Andrew: Reading the books is more interesting than you might think. It’s just one entire case study of HARKing. Regardless of the result of each experiment he spins the results to match his narrative.

                Sometimes large containers cause people to eat more, sometimes multiple small containers cause people to eat more.

                Did you know that shelled peanuts (vs unshelled) has no effect on number eaten for average people? But guess what? It does for obese people! Just as you would expect…

                The scariest thing is I think at least some of his work has been “replicated”. I would actually view this as a result of priming the researchers. Researchers know what result they are trying to replicate, so when they don’t replicate it they don’t report it and assume they did something wrong. And when they do replicate it they announce it. Selective reporting of replications, scary stuff. This field is screwed.

              • Martha (Smith) says:

                Andrew: “Once we have to abandon the assumption that the people involved are honest and have good intentions, everything gets so much more difficult.”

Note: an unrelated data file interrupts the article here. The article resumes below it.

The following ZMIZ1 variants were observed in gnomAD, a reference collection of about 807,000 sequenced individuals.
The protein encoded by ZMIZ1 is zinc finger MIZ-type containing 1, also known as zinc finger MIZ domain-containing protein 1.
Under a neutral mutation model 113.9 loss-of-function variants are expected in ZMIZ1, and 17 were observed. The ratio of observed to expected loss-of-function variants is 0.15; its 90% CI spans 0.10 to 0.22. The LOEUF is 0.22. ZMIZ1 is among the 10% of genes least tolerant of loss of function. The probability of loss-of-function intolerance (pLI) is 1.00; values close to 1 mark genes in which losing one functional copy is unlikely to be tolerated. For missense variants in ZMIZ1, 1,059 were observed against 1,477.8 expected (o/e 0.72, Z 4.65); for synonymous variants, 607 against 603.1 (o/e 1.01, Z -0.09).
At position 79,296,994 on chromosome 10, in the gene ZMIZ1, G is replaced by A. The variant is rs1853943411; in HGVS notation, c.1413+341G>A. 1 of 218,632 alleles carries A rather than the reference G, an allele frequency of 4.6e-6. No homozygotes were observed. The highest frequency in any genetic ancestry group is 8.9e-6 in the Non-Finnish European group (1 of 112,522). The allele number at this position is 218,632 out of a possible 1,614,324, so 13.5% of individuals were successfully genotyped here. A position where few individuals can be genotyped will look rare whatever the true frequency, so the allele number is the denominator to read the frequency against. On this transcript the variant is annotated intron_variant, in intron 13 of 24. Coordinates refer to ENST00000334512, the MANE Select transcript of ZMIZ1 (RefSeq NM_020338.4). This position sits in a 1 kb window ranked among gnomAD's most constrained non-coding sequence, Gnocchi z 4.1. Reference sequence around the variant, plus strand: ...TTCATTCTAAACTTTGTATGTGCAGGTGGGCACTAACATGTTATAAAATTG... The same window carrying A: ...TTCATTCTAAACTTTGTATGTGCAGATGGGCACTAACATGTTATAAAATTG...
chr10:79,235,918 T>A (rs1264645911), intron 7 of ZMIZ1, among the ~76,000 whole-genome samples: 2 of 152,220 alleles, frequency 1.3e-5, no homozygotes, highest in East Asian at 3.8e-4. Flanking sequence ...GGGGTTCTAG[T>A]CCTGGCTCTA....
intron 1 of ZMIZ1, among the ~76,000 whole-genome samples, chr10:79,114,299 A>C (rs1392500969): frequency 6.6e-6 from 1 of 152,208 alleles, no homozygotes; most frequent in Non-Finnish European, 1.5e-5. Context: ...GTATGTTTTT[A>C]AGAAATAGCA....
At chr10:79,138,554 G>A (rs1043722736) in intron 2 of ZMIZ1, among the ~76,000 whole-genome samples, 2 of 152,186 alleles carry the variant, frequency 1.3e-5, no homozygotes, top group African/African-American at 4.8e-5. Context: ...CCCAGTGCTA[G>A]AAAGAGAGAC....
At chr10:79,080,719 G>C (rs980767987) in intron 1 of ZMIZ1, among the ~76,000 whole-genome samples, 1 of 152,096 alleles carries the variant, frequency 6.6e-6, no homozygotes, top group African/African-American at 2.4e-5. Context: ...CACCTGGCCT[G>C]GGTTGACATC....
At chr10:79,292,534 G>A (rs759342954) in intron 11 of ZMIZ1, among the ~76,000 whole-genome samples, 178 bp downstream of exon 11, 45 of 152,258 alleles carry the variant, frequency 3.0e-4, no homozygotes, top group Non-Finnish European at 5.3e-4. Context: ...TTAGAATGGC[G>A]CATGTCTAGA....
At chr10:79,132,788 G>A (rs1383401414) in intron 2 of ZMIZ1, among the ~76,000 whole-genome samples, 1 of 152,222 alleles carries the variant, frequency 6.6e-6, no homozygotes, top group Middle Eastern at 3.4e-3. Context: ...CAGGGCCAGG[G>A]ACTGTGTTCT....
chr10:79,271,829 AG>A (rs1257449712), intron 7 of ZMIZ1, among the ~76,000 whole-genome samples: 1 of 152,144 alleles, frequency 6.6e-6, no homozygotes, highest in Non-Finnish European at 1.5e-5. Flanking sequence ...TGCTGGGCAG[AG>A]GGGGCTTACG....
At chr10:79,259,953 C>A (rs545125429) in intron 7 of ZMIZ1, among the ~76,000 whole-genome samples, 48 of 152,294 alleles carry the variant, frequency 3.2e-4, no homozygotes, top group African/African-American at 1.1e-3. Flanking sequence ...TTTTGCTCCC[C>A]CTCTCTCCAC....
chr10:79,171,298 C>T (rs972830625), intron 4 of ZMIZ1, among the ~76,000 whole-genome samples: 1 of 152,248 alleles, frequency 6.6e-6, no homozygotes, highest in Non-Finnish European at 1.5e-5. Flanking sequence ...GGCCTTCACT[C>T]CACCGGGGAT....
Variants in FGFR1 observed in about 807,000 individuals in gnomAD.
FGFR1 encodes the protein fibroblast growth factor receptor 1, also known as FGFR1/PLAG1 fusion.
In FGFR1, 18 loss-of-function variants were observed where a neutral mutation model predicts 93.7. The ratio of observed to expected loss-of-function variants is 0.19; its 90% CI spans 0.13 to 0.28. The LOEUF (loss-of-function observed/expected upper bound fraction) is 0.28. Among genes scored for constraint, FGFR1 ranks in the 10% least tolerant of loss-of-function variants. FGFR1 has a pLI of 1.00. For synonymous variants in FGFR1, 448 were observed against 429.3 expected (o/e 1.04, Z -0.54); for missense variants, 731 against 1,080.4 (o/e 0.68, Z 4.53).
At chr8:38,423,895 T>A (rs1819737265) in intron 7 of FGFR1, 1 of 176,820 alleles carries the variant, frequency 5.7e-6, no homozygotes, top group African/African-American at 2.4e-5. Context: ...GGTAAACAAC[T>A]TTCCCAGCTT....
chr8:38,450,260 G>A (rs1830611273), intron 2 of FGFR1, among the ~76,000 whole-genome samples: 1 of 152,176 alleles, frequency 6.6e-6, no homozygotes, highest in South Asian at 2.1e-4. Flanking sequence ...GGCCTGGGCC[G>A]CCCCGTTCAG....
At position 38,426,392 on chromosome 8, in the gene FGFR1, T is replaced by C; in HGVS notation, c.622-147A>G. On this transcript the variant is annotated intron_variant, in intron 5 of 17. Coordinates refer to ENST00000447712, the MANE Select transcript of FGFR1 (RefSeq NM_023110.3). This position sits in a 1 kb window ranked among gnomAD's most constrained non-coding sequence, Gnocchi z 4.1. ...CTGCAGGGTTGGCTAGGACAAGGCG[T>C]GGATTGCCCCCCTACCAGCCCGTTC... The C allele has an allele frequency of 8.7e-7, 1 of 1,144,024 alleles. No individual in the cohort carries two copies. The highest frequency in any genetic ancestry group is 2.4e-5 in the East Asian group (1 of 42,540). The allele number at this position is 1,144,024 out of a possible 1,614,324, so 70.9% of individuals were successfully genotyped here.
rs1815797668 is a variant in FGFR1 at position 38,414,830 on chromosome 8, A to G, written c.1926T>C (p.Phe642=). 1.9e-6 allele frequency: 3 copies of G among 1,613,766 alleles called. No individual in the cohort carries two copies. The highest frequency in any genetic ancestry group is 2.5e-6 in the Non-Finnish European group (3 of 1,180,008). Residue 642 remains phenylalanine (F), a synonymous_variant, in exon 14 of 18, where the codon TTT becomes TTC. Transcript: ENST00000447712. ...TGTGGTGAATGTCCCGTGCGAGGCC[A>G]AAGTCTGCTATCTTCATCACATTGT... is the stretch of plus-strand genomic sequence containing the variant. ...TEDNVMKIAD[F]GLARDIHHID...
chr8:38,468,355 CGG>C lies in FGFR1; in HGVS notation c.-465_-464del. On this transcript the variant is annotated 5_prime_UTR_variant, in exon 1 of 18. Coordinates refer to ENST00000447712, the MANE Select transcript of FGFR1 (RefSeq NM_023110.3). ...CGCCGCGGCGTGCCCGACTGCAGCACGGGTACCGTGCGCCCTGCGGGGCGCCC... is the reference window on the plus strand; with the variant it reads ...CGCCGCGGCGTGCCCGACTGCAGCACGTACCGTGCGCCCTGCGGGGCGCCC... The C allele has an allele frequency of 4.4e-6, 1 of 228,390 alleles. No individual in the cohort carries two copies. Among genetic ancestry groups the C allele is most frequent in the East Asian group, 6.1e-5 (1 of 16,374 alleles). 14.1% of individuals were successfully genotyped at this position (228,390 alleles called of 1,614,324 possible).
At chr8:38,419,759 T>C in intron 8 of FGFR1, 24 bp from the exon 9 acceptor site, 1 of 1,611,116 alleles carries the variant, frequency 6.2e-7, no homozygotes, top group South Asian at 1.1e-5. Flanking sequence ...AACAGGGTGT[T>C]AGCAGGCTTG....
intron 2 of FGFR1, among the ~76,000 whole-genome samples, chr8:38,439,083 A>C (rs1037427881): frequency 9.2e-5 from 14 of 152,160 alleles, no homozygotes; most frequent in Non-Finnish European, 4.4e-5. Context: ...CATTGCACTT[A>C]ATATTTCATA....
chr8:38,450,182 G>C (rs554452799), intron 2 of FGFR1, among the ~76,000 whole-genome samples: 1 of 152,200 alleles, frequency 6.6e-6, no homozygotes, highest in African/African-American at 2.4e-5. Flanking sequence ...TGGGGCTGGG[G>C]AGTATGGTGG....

The trouble with this is that “what is honesty” and “what are good intentions” are, regrettably, often subjective judgments, and (also regrettably) we may call someone “not honest” when their idea of honesty does not coincide with our own; similarly for good intentions.

          • Smut Clyde says:

            Don’t forget Barbara Frederickson. Neither her involvement in the Positivity Ratio fabrication nor the genes-and-positivity junk-science seem to have threatened her paramount position in any way. The cliche about “Too big to fail” does seem to apply to PIs.

            The Thorstenson-Pazda-Elliot claims about sadness affecting colour perception, that was retracted, but Andrew Elliot’s lab has been churning out equally rubbish claims about “Red (or yellow) affects attractiveness (or health, or something else)” for a decade or so without anyone caring.

              • Smut Clyde says:

                It is not true that no one cares about these claims.

                My apologies, And it may be that someone in Elliot’s lab read your concerns about subject numbers and power, for therir latest studies on the sexiness of apoplexy in men and women —
                Facial Redness Increases Men’s Perceived Healthiness and Attractiveness
                Women’s Facial Redness Increases Their Perceived Attractiveness: Mediation Through Perceived Healthiness
                — they ran the power calculation for a value of Cohen’s d, and recruited enough subjects through SurveyMonkey.

                It is interesting that they teamed up with Dave Perrett, who was last author on both studies. For Perrett has earlier shown that it’s facial yellowness that increases attractiveness.
                It is almost as if the crucial variable is saturation, but we may never know.

            • Andrew says: